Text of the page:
Home  -  Back Issues  -  The Team  -  Contact Us
     Volume 8 Issue 53 | January 16, 2009 |

  Cover Story
  Food for Thought
  View from the   Bottom
  Photo Feature
  Making a Difference
  Follow up
  Art - Dark Colours   that Express the   Unknown
  Art -Sketches that   Speak for   Themselves
  Star Diary
  Book Review

   SWM Home

Star Diary

Monkey Business

The other day I was walking by the main gate of my colony near Kuril, when I discovered a crowd of youngsters, security officers from the nearby homes and offices and drivers in uniforms from auto-rickshaws and caps pulled over near the pavement. They were all staring at the trees above. I looked at them myself and was amazed to see monkeys sitting on the branches! The trees hardly had any leaves left. The monkeys looked calm and seemed to enjoy the serenity of a cold and early morning. It also looked a little scary, like a scene from a horror movie. What if the monkeys suddenly turned wild and pounced on the spectators, biting them and tearing them to pieces, I thought to myself. After a while, I moved away from the scene and walked away to my destination feeling amused and slightly lifted inside. After all, one doesn't get to see a tree full of monkeys in the city every day.

Ijaz Mansur
Kuril, Dhaka

Just Friends

I usually go to university with a friend who lives next door. We walk for a while and then take the rickshaw to the station to wait for the train. My friend and I practically grew up together and our parents have no problems with us going to university together or even coming back. He, of course, has a group of his own while I have mine at the university. Even during our school days, we had our own friends from our schools. My friend went to a renowned school for boys while I went to a girls' school. However, because our families have known each other for years, we have always been very close while growing up. The other day however, he was ill and was skipping classes. I had to go to the station myself to wait for the train. As soon as I came across my usual group of friends waiting for the train, one of them asked, “Where is your boyfriend?” I was a little taken aback and wondered if he was joking. He was not. “Don't tell me you guys broke up!” he asked again. The others were waiting for an 'answer' as well. That was when I realised that to survive in this society, everyone had to be related somehow or the other. Concepts like friendship or acquaintances do not exist in our dictionary.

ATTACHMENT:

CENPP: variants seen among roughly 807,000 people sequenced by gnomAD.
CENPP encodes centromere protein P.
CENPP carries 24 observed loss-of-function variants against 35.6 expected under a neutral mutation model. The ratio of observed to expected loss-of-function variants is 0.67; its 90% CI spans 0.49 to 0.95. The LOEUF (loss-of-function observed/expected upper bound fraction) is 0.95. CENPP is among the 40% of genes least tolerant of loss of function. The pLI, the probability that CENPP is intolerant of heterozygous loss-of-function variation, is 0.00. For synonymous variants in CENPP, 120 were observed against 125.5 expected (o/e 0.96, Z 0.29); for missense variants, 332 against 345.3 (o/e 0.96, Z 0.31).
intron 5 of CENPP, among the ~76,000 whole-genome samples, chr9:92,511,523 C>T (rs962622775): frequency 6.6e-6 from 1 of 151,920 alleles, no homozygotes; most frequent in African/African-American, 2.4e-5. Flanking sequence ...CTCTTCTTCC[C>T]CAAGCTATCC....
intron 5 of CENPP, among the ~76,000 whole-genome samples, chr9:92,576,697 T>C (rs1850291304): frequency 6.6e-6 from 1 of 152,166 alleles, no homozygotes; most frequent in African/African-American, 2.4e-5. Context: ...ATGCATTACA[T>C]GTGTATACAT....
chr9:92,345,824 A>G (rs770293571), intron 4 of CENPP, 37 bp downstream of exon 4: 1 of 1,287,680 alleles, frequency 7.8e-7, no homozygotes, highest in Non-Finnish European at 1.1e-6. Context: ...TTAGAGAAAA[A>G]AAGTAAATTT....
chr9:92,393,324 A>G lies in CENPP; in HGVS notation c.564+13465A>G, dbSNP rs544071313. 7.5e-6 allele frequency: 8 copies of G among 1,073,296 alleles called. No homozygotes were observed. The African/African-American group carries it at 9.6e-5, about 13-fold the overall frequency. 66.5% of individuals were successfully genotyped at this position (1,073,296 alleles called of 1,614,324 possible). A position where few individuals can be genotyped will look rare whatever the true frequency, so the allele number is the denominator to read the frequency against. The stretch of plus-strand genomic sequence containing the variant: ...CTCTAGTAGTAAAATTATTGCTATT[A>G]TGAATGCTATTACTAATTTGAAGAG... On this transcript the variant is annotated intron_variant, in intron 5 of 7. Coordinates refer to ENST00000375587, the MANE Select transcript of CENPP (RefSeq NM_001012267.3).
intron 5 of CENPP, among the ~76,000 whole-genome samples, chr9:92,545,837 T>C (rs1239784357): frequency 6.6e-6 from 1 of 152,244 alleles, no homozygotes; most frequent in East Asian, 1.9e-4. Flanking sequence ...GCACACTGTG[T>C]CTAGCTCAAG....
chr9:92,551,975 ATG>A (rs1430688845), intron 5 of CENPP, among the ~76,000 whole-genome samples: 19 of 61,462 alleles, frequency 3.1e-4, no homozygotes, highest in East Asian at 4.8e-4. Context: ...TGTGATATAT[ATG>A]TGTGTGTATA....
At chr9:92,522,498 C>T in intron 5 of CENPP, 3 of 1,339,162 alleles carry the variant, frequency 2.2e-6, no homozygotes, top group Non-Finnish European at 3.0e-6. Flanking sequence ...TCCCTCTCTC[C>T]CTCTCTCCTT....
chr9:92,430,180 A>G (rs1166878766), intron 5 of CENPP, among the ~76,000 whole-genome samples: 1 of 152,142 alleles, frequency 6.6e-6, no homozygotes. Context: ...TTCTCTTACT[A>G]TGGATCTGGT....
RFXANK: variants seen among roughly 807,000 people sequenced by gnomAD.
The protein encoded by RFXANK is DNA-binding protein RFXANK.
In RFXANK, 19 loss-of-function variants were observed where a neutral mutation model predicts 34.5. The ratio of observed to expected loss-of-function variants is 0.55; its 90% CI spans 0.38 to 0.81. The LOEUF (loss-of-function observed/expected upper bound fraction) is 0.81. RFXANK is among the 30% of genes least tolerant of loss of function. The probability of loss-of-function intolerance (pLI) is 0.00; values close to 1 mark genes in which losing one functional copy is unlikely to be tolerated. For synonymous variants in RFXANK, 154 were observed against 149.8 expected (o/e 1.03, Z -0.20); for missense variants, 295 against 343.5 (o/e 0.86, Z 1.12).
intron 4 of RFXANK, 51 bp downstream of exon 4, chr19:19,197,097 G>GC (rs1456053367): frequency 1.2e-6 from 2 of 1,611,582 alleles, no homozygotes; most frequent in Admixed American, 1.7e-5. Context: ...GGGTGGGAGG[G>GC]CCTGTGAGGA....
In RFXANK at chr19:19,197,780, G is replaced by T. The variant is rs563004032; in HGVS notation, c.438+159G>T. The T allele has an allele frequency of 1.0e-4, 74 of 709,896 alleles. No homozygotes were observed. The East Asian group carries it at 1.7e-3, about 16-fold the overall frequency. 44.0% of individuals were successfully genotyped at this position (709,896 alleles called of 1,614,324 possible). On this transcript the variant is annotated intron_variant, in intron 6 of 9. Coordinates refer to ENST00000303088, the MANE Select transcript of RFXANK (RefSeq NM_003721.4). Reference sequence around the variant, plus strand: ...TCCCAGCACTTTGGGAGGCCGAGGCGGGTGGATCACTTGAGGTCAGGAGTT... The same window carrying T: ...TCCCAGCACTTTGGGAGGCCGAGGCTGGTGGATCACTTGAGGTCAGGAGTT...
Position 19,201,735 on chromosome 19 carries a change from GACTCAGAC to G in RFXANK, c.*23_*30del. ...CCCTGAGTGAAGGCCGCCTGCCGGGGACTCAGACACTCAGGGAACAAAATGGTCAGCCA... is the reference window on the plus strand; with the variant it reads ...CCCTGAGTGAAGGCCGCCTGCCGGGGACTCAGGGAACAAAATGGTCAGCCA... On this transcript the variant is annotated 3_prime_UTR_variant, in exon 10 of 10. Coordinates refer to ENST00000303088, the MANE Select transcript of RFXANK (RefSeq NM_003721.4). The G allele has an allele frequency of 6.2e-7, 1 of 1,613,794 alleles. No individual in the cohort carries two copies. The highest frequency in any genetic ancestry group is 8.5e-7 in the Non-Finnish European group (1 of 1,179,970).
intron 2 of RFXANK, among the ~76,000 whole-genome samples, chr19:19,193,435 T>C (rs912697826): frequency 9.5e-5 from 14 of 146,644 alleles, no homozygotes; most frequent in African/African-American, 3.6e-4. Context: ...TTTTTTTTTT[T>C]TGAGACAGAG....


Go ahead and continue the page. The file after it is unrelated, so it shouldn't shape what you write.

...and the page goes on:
Sajeda Akhter
Chittagong University, Chittagong


The other day I overheard my parents discussing a possible marriage match between my 30-year-old cousin who works in a bank and a neighbour's daughter still studying at university. I was fascinated by the answers my father was giving to my uncle who was the father of the groom-to-be. My father had to assert several times that the girl was very fair and tall and seemed 'quite suitable' for my cousin. My father was very enthusiastic about this match and I could sense the exhilaration in both my parents' voices, like they would get cookie points if this marriage became successful. It was very amusing though that after hanging up the phone there seemed to be a slight confusion over whether the girl was actually 'very fair' and 'tall' or not. I couldn't hear what my mother had said but in reply my father said, "well she seemed fair and tall to me and I will tell them exactly that." My father then continued to call the girl's parent and I heard him quoting my cousin's salary and educational background. No mention of 'fair' or 'tall'. I suppose some things in our society will never change. Our perception is still that a perfect marriage means 'a financially able' man and a 'fair and beautiful' woman. We still live in a sad, superficiality worshipping culture.

Nadia Ahmad
Dhanmondi, Dhaka

Copyright (R) thedailystar.net 2009